Burns enfolds his boldest lines deep within the book. At the very end of “Momma” (the eponymous character presides over a gay bar in Naples), a British sergeant remarks to a fellow officer that they’re all “expressing a desire disapproved of by society. But in relation to the world of 1944, this is just a bunch of gay people letting down their back hair…”

Almost as risky is the book’s brazen reminder to readers that during the war, Allied soldiers and Italian civilians sexually combusted, sometimes with tremendous emotional intensity and at other times with brutal indifference. The Gallery was nominated for the Pulitzer Prize but lost to James A. Michener’s folksier Tales of the South Pacific.

No movie was made of The Gallery, and so no iconic images exist to rival the beach scene in From Here to Eternity. But in Burns’s writing, he creates prose portraits akin to those magic moments on the beach. “She bent down and laid her mouth against his temple, passing down to his lips,” Burns wrote in “Moe,” the final chapter of The Gallery, as a G.I. and his Neapolitan lover say farewell. “There was no pressure in her kiss, but it sealed a wild peace he’d been feeling with her all evening. Her kiss made him hers…”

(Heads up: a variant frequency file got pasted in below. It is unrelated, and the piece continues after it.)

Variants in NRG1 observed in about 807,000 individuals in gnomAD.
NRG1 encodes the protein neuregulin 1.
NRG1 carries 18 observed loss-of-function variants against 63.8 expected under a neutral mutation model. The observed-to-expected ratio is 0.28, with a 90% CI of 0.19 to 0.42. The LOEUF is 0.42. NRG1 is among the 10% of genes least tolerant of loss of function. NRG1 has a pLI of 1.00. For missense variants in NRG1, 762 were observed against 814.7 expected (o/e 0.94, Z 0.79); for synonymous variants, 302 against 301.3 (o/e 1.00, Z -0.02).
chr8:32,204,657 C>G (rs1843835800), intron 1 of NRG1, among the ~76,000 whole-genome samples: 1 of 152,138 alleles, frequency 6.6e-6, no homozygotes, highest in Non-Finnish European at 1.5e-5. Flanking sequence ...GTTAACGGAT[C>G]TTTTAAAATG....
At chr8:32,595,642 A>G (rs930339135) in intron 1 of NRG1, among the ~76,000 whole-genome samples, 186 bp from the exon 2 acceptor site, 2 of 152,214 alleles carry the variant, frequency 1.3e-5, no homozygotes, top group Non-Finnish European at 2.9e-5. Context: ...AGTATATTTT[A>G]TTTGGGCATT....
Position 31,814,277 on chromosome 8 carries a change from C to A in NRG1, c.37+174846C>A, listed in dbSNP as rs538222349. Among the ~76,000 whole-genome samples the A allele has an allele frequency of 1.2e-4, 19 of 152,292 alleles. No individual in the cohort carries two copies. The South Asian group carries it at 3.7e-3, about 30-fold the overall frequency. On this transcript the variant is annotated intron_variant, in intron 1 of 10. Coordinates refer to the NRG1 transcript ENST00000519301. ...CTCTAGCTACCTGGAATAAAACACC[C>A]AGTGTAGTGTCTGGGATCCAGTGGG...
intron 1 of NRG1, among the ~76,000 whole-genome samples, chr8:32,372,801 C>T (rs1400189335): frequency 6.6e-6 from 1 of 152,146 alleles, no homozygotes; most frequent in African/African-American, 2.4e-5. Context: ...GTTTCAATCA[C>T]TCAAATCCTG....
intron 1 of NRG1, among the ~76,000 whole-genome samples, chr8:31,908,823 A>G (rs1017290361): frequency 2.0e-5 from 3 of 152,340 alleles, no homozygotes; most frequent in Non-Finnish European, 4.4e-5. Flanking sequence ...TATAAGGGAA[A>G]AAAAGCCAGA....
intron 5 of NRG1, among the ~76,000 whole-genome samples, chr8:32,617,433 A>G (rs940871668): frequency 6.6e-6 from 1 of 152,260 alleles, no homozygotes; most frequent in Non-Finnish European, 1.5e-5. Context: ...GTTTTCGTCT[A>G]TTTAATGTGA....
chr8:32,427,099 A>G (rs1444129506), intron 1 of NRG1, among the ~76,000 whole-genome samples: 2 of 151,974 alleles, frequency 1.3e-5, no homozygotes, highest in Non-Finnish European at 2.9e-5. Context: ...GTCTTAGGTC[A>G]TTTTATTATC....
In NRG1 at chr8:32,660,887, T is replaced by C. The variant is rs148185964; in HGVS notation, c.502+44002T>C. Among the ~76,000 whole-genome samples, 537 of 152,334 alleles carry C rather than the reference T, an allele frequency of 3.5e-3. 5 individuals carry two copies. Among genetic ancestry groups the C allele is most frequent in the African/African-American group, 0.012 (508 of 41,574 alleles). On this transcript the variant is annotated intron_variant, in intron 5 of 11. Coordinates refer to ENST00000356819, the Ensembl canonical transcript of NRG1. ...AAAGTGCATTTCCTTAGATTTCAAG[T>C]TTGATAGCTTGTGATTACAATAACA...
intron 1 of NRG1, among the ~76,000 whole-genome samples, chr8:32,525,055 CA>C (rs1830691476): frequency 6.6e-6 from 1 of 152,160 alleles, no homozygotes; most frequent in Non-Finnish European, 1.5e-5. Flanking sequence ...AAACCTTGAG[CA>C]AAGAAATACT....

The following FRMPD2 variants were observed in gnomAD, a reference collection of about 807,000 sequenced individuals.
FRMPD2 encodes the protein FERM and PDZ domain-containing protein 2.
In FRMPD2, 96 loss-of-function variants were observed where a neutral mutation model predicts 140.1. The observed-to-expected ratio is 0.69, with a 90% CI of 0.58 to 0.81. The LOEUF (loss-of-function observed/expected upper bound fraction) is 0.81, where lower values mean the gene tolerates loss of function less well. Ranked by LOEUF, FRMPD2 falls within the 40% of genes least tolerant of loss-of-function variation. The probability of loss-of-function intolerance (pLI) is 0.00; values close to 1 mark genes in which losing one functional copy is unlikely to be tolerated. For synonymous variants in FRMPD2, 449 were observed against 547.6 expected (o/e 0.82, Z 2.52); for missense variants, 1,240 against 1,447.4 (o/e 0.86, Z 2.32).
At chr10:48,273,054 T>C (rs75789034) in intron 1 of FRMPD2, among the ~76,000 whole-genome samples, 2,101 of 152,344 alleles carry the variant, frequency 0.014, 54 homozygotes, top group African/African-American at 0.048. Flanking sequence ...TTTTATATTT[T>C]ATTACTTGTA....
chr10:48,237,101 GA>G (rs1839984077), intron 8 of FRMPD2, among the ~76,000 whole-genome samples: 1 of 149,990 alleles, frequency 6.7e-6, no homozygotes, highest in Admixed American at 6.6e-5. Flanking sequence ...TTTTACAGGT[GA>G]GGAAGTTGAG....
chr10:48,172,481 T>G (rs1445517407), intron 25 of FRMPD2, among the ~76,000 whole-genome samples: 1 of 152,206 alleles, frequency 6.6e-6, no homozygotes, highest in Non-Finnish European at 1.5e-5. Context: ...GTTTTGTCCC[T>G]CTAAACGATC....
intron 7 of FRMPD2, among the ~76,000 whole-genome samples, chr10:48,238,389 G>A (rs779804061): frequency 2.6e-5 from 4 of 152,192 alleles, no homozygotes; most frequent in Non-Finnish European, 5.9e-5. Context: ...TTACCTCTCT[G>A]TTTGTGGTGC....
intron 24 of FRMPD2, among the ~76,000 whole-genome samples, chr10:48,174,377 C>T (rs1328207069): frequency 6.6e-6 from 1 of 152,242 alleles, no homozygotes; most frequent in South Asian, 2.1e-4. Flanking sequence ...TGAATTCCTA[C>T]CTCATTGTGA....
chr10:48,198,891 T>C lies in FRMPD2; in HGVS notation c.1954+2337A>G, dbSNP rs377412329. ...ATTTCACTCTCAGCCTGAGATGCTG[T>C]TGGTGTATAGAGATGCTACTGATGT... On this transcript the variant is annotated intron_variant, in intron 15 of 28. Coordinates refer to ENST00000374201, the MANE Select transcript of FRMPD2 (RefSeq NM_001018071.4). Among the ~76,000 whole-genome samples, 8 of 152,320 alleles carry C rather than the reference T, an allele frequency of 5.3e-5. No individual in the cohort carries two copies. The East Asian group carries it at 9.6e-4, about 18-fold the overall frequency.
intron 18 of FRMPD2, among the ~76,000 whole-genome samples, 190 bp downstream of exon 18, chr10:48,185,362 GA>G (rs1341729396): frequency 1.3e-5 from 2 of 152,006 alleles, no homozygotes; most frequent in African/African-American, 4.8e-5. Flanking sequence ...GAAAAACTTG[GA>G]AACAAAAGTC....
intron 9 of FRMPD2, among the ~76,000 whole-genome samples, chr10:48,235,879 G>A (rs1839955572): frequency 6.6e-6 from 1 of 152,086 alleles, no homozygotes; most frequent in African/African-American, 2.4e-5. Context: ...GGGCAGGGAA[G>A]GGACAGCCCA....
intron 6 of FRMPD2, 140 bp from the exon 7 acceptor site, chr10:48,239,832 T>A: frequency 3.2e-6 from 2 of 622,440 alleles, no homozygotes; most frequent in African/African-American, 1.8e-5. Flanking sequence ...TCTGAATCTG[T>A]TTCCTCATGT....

Most of America’s World War II veterans have died. Their numbers dwindle each day. Yet in The Gallery and From Here to Eternity, John Horne Burns and James Jones offer today’s readers extraordinary, timeless truths about their tormented, commercially sentimentalized generation.


M. J. Moore’s Star-Crossed Lovers: James Jones, Lowney Handy, and the Birth of From Here to Eternity is available from Heliotrope Books.

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Nicole Lambert
Nicole Lambert
Nicole Lamber is a news writer for LinkDaddy News. She writes about arts, entertainment, lifestyle, and home news. Nicole has been a journalist for years and loves to write about what's going on in the world.